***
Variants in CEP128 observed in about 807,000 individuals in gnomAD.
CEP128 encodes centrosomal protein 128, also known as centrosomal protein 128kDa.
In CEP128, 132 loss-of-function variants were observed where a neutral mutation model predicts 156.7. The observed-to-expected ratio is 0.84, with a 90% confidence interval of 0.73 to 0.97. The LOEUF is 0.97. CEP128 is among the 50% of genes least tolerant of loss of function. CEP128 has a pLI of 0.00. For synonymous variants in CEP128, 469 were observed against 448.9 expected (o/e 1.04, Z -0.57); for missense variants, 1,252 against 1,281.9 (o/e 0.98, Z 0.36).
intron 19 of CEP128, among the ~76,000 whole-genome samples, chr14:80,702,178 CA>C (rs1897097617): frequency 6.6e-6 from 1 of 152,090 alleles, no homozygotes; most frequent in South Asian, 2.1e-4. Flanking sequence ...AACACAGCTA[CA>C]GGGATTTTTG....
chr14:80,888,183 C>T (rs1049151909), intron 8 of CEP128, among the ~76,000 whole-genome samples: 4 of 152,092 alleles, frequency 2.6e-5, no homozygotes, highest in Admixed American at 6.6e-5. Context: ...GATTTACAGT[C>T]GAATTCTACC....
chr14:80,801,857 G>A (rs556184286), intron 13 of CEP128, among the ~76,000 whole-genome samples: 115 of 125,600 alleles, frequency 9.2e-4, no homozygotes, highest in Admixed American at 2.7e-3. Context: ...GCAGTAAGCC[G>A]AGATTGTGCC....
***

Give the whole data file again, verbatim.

Variants in CEP128 observed in about 807,000 individuals in gnomAD.
CEP128 encodes centrosomal protein 128, also known as centrosomal protein 128kDa.
In CEP128, 132 loss-of-function variants were observed where a neutral mutation model predicts 156.7. The observed-to-expected ratio is 0.84, with a 90% confidence interval of 0.73 to 0.97. The LOEUF is 0.97. CEP128 is among the 50% of genes least tolerant of loss of function. CEP128 has a pLI of 0.00. For synonymous variants in CEP128, 469 were observed against 448.9 expected (o/e 1.04, Z -0.57); for missense variants, 1,252 against 1,281.9 (o/e 0.98, Z 0.36).
intron 19 of CEP128, among the ~76,000 whole-genome samples, chr14:80,702,178 CA>C (rs1897097617): frequency 6.6e-6 from 1 of 152,090 alleles, no homozygotes; most frequent in South Asian, 2.1e-4. Flanking sequence ...AACACAGCTA[CA>C]GGGATTTTTG....
chr14:80,888,183 C>T (rs1049151909), intron 8 of CEP128, among the ~76,000 whole-genome samples: 4 of 152,092 alleles, frequency 2.6e-5, no homozygotes, highest in Admixed American at 6.6e-5. Context: ...GATTTACAGT[C>T]GAATTCTACC....
chr14:80,801,857 G>A (rs556184286), intron 13 of CEP128, among the ~76,000 whole-genome samples: 115 of 125,600 alleles, frequency 9.2e-4, no homozygotes, highest in Admixed American at 2.7e-3. Context: ...GCAGTAAGCC[G>A]AGATTGTGCC....